Methods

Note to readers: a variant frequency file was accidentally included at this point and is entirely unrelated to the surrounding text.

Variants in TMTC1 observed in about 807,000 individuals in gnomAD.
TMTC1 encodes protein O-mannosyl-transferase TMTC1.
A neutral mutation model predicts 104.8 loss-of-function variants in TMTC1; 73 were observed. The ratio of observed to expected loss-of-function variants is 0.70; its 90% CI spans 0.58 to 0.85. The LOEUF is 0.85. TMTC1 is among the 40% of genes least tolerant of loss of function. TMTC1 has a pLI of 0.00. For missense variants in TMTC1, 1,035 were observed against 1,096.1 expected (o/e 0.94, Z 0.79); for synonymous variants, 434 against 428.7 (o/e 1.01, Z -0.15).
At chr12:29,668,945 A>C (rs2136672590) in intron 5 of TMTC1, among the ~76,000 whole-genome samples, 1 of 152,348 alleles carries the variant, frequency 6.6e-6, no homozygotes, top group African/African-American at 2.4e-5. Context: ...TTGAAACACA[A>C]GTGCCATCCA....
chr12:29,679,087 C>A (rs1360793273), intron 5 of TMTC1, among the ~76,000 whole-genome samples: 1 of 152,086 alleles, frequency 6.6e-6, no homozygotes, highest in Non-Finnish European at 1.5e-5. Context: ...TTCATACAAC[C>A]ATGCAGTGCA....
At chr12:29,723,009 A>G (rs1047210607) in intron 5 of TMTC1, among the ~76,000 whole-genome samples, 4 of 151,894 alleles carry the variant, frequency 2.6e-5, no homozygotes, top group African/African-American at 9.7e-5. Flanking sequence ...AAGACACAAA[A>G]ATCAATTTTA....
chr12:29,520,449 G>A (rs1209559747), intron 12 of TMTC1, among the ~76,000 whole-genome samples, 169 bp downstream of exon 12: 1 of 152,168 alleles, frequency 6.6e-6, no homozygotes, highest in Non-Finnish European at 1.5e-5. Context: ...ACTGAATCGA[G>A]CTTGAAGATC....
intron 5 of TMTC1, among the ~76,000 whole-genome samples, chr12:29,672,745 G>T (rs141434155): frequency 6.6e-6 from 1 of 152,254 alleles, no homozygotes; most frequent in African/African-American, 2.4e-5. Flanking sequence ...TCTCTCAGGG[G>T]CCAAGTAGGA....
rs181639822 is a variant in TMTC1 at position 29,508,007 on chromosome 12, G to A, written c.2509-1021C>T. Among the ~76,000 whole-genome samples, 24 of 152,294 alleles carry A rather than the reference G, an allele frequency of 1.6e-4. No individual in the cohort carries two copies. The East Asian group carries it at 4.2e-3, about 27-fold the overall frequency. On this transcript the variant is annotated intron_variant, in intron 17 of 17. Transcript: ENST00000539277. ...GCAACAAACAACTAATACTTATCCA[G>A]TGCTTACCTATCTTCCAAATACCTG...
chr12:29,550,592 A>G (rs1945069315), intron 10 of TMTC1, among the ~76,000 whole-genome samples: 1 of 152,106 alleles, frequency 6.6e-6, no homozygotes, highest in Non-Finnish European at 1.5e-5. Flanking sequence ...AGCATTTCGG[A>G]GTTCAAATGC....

The current study analyzed the baseline data of a prospective study organized to explore whether objectively-measured sleep durations predict mortality. From among volunteers in the Observational Study enrolled at the San Diego Vanguard Clinical Center for the Women's Health Initiative [14], 459 postmenopausal women were recruited to participate in this ancillary study. This was not a representative population sample. Recruitment focused on subjects with particularly short or long reported sleep, older age, and minority ethnicity from within the larger group of volunteers for the Women's Health Initiative. Each subject signed written informed consent under supervision of UCSD's Institutional Review Board, consistent with the World Medical Association Declaration of Helsinki. Results from melatonin measurements and SCID psychiatric interviews of these women and some aspects of their sleep data have been described elsewhere [15-20].